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Gold’s shove not a pat on the back

Time once again to confess my failings as a prognosticator. My annual forecasts have not compiled a stellar record. Gold is still king, up in price 12 years in a row. I wish I could have a forecasting track record like that for a dozen years running. Instead I have gold’s tracks across my back as my forecast that it would decline in 2011 was once again wrong.


Gold closed 2010 at $1,421.10 an ounce. At the end of 2011 it stood at $1,565.80, up over 10 percent. Almost anyone owning it is well pleased even though it did give back quite a bit from the August high of almost $1,900.

Silver, on the other hand, did go down as I had forecast. Its end-of-2010 price of $30.915 was sliced by approximately 10 percent 12 months later to $27.87. It spent most of the year higher than its close and at the end of April it was nearly $50, partying at the Central States Numismatic Society convention in Chicago’s Rosemont suburb like it was 1980.

But even getting one of two metals right did not improve my accuracy. By my reckoning I had six out of 10 correct, the same number as last year.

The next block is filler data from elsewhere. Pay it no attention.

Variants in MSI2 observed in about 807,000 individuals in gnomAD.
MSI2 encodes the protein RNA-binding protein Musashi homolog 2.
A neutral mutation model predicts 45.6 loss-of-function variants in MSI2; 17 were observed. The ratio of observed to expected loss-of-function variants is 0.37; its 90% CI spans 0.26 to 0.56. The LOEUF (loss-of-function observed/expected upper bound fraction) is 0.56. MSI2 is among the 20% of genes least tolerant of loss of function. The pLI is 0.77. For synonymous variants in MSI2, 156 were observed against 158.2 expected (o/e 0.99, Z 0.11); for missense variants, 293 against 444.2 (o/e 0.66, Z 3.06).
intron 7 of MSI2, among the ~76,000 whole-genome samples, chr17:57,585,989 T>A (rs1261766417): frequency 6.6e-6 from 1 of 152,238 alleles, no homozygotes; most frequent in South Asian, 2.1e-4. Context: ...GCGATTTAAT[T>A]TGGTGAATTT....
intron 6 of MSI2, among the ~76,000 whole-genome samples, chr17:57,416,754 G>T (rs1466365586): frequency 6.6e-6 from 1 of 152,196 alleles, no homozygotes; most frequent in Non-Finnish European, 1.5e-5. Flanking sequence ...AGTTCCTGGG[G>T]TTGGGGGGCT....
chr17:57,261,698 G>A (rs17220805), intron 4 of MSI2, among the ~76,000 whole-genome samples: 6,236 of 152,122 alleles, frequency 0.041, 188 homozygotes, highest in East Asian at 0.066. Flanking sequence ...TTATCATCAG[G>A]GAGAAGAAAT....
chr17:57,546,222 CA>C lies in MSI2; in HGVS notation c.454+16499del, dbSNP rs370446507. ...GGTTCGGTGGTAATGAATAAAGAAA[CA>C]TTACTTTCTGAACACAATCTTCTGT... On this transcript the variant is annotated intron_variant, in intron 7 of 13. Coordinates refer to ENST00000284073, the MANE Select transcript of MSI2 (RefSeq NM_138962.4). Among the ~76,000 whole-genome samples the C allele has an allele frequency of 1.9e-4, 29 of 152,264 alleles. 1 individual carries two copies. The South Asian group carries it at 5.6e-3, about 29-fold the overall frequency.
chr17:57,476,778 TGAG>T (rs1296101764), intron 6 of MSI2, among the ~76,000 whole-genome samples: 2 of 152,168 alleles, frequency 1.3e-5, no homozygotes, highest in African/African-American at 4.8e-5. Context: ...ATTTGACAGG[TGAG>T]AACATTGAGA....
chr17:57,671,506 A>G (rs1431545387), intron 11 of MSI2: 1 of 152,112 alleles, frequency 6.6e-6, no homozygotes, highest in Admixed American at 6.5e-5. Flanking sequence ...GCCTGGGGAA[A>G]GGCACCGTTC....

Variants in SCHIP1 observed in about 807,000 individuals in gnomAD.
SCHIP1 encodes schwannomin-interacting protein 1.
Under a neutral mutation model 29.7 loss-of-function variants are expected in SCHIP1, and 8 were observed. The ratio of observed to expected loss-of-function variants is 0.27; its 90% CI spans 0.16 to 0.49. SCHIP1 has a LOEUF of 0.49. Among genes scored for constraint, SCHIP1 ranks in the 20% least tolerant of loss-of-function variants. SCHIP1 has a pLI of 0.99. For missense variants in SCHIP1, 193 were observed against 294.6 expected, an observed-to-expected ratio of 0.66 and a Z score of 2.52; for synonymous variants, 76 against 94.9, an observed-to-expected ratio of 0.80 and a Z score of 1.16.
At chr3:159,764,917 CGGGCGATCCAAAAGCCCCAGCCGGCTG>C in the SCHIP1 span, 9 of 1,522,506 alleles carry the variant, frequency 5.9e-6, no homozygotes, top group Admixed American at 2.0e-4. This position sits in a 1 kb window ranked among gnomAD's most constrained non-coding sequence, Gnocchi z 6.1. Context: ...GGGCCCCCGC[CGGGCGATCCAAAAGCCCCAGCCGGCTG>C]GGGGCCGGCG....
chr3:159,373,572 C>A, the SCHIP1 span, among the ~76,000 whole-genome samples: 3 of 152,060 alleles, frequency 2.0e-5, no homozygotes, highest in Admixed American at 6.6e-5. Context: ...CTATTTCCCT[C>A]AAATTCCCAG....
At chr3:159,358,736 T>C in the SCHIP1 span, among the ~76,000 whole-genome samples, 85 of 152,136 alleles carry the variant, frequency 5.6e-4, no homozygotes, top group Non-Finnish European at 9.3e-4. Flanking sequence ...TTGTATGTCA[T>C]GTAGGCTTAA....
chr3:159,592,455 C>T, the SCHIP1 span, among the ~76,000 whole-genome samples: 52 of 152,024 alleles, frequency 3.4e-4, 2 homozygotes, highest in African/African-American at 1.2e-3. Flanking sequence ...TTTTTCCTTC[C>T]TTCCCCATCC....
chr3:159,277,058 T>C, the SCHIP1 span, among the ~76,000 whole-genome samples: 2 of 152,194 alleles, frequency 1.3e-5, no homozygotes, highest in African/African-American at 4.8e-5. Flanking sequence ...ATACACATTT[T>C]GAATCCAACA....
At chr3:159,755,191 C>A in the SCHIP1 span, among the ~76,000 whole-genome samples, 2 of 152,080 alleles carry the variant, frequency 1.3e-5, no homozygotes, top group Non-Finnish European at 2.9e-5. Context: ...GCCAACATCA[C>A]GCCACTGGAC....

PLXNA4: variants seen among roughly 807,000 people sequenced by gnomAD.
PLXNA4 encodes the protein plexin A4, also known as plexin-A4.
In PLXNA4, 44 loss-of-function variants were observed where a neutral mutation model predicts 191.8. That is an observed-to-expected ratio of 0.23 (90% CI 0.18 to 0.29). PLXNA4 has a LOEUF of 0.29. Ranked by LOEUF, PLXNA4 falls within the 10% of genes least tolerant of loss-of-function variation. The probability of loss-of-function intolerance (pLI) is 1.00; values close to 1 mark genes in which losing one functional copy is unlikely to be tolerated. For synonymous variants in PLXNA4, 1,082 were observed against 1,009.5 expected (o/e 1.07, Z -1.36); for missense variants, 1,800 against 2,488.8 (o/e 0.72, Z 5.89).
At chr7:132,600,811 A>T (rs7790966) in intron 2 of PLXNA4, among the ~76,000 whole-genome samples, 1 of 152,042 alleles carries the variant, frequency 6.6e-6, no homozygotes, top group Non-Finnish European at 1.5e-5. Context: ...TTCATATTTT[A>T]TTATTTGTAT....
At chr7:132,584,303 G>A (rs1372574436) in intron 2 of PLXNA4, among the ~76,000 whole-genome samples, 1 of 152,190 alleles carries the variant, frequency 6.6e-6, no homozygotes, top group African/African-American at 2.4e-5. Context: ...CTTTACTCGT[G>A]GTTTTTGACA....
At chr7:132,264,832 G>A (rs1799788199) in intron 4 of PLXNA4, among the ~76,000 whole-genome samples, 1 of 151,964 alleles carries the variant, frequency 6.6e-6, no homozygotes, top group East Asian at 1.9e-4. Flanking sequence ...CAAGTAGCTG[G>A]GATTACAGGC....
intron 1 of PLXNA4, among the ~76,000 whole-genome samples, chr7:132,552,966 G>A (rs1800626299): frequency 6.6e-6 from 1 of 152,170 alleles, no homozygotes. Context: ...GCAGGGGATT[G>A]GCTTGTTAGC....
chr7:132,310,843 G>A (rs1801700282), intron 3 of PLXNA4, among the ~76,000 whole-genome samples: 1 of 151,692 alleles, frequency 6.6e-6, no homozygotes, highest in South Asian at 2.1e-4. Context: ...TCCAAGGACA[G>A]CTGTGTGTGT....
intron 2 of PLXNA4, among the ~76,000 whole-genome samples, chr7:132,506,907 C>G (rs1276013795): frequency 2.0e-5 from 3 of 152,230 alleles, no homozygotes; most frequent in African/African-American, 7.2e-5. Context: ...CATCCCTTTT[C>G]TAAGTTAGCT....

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My third forecast that the 2010 collector versions of the 5-ounce America the Beautiful silver coins would each sell out their 27,000 mintage was correct – or was it? The first three designs rapidly disappeared while the Grand Canyon was marked sold out, but the final sales number was 26,019. Mount Hood, which is still not declared sold out, stands at 26,831. I’m going to say I was right, but it is not clean cut, is it?

No. 4. Some of the authorized purchasers will drop out of the 5-ounce ATB program for 2011. I am going to call this incorrect on the grounds it was an overly obscure and pointless forecast.

No. 5. I forecast the success of the first American Numismatic Association fall show in Pittsburgh. Instead the results were mixed. These shows could still have a solid future, but it is an open question and I will color this one incorrect.

No. 6. Repeal of the 1099 report form for business purchases exceeding $600. I got this right, but even Congress could see the angry crowd, so I won’t brag.

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No. 7. Morgan dollars will head higher. Whether it was circulated dollars pushed up by silver, or rising high-end coins, interest and prices have picked up. Count this one correct.

No. 8. A new Mint director will be chosen. I got this one wrong. There is still no new political appointee.

No. 9. The Mint will have difficulty creating the new palladium coin. I will count this as wrong because I got the calendar wrong. The Mint wasn’t due to start on it in 2011.

No. 10. I said it would be a good year for the U.S. dollar. If you count as a good year the very small rise against a major currency average last year thanks to the swoon of the euro, then I was correct and will count it as such
Nobody threw rotten tomatoes at me as a result of my forecasts for 2011. Next week I will offer my picks for 2012. I will wear red just in case.

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